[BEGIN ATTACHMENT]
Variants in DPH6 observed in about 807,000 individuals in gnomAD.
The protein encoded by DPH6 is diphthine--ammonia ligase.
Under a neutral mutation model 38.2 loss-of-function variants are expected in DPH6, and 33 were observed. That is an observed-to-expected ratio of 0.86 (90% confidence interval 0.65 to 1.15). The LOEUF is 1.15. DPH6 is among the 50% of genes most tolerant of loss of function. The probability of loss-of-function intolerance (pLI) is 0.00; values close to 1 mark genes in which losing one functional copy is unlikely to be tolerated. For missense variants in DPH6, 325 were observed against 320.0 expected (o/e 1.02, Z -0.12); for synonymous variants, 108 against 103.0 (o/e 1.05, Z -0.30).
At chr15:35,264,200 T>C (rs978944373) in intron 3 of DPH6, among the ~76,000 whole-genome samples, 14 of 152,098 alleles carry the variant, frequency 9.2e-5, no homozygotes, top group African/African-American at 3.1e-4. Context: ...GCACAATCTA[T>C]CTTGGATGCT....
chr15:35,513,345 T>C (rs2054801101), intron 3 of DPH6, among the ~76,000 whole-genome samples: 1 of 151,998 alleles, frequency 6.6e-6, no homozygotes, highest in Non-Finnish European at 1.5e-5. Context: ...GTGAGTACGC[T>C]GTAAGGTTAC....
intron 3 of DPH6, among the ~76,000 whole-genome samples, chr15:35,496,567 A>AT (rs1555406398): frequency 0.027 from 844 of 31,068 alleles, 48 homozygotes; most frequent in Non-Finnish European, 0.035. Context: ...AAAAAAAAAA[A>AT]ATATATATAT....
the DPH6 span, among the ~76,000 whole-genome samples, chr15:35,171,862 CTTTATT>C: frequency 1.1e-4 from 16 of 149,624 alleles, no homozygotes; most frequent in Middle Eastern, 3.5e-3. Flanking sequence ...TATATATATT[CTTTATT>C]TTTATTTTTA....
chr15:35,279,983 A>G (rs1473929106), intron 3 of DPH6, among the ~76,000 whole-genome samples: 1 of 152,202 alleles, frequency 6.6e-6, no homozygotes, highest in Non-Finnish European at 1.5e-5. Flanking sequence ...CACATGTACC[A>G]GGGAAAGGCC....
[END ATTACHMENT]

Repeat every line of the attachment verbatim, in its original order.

Variants in DPH6 observed in about 807,000 individuals in gnomAD.
The protein encoded by DPH6 is diphthine--ammonia ligase.
Under a neutral mutation model 38.2 loss-of-function variants are expected in DPH6, and 33 were observed. That is an observed-to-expected ratio of 0.86 (90% confidence interval 0.65 to 1.15). The LOEUF is 1.15. DPH6 is among the 50% of genes most tolerant of loss of function. The probability of loss-of-function intolerance (pLI) is 0.00; values close to 1 mark genes in which losing one functional copy is unlikely to be tolerated. For missense variants in DPH6, 325 were observed against 320.0 expected (o/e 1.02, Z -0.12); for synonymous variants, 108 against 103.0 (o/e 1.05, Z -0.30).
At chr15:35,264,200 T>C (rs978944373) in intron 3 of DPH6, among the ~76,000 whole-genome samples, 14 of 152,098 alleles carry the variant, frequency 9.2e-5, no homozygotes, top group African/African-American at 3.1e-4. Context: ...GCACAATCTA[T>C]CTTGGATGCT....
chr15:35,513,345 T>C (rs2054801101), intron 3 of DPH6, among the ~76,000 whole-genome samples: 1 of 151,998 alleles, frequency 6.6e-6, no homozygotes, highest in Non-Finnish European at 1.5e-5. Context: ...GTGAGTACGC[T>C]GTAAGGTTAC....
intron 3 of DPH6, among the ~76,000 whole-genome samples, chr15:35,496,567 A>AT (rs1555406398): frequency 0.027 from 844 of 31,068 alleles, 48 homozygotes; most frequent in Non-Finnish European, 0.035. Context: ...AAAAAAAAAA[A>AT]ATATATATAT....
the DPH6 span, among the ~76,000 whole-genome samples, chr15:35,171,862 CTTTATT>C: frequency 1.1e-4 from 16 of 149,624 alleles, no homozygotes; most frequent in Middle Eastern, 3.5e-3. Flanking sequence ...TATATATATT[CTTTATT>C]TTTATTTTTA....
chr15:35,279,983 A>G (rs1473929106), intron 3 of DPH6, among the ~76,000 whole-genome samples: 1 of 152,202 alleles, frequency 6.6e-6, no homozygotes, highest in Non-Finnish European at 1.5e-5. Flanking sequence ...CACATGTACC[A>G]GGGAAAGGCC....